The last thing I'm going to do, is I'm going to hold off the release of the club face. This is a key to the short game. I mentioned that earlier with the grip, is as I come through I'm going to hold the club face open, so that it doesn't flip over on me and launch the ball across the green. Again I wanted to maintain the loft as I come through. So let's take a look what this is going to look like. About 2/3 of the way back in my stance, stance is open to the target. It's about 35 degrees or so, roughly. That's a comfort thing. Club face open, laying back, weaker grip, and then as I go back I'm going to pick the club up relatively sharply and then come down and hold off the release of the club.
That ball comes out very nice and soft, even though I'm on a pretty severe down hill lie. The ball came out really nice and gentle and I've got a good shot at making ... getting up and down for par. So again, just work on your setup. One thing I didn't mention there was your spine angle.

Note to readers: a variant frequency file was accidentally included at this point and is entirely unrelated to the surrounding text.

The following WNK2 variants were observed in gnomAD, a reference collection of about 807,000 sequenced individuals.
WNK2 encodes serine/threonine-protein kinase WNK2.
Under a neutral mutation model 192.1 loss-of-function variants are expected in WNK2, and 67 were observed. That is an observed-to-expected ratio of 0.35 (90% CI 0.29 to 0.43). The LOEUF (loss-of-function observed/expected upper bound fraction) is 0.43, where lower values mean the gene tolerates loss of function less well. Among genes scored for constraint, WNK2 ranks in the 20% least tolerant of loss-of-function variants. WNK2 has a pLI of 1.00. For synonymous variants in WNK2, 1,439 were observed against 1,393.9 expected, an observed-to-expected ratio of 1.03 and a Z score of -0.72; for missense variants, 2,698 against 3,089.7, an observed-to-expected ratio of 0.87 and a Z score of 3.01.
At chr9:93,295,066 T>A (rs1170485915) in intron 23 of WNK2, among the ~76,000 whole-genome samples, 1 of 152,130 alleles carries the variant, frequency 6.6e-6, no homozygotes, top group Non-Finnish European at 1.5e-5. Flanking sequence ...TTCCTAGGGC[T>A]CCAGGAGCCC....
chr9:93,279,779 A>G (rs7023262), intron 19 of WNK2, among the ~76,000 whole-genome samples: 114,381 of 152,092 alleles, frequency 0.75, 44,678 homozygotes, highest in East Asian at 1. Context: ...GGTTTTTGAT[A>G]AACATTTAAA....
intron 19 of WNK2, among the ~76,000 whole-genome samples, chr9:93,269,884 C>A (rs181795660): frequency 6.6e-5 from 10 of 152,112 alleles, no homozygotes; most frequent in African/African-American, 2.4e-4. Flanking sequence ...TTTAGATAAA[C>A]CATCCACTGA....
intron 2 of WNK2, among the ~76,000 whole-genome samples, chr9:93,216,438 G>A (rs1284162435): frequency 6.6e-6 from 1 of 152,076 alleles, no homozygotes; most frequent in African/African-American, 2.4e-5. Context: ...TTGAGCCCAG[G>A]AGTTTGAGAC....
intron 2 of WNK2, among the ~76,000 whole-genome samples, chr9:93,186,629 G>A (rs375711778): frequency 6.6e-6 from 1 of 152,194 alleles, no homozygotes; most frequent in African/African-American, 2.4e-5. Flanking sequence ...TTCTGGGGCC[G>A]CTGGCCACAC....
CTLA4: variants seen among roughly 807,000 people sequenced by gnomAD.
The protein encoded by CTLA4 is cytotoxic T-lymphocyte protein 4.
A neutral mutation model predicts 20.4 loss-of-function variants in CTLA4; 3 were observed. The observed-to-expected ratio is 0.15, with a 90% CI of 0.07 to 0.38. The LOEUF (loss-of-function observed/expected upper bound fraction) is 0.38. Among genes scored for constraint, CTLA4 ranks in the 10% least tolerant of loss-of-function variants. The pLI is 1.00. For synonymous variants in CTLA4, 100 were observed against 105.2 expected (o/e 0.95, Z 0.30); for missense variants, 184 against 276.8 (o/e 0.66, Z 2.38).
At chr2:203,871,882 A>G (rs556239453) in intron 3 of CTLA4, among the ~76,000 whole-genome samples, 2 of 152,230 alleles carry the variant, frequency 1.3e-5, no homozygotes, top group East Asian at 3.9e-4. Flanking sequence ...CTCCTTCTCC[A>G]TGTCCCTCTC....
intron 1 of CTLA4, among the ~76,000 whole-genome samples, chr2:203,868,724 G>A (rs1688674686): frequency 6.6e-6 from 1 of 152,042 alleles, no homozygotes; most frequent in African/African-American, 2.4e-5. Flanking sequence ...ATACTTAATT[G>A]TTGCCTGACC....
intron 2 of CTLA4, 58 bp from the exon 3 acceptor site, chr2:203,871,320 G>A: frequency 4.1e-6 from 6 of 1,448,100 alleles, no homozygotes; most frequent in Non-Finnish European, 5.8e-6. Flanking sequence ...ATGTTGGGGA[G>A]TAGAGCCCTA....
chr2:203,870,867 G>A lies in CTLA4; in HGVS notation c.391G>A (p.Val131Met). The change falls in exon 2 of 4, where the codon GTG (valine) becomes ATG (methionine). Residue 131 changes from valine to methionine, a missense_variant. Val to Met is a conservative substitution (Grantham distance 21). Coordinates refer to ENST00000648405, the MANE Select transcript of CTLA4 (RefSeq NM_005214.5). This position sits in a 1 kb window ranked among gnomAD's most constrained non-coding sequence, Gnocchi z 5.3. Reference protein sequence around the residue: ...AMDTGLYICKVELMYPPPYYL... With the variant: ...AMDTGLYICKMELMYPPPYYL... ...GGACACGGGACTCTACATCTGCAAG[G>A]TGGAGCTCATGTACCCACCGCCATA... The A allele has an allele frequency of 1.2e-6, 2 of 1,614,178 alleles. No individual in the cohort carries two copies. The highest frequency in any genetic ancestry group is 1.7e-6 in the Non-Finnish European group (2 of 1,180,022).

Typically you're going to want to try and match your spine with this slope. Because I'm playing this ball back in my stance, I'm not going to get it that severe. So you'll notice that when the ball is back, my spine angle is not exactly matching the slope. That may be contrary to what you hear a lot, but again, because the ball position and the way I'm holding off the release of the club, and because I'm moving it back in my stance, I don't want to be this far forward again. I'm trying to maintain loft. If I get really steep on it, I'm going to come down even steeper, with a more steep angle of attack and that's going to take more loft off. So those are the keys to hitting a perfect short-sided, down hill shot, out of the rough and a better golf short game.
-Dr. Jeffrey Broker, Assoc. Prof. in Biomechanics at University of Colorado at Colorado Springs and Former Senior Biomechanist for U.S. Olympics Committee
-Hub Orr - Happy PREMIUM MEMBER of RotarySwing.com
-Sam Jarman, PGA Golf Instructor in the UK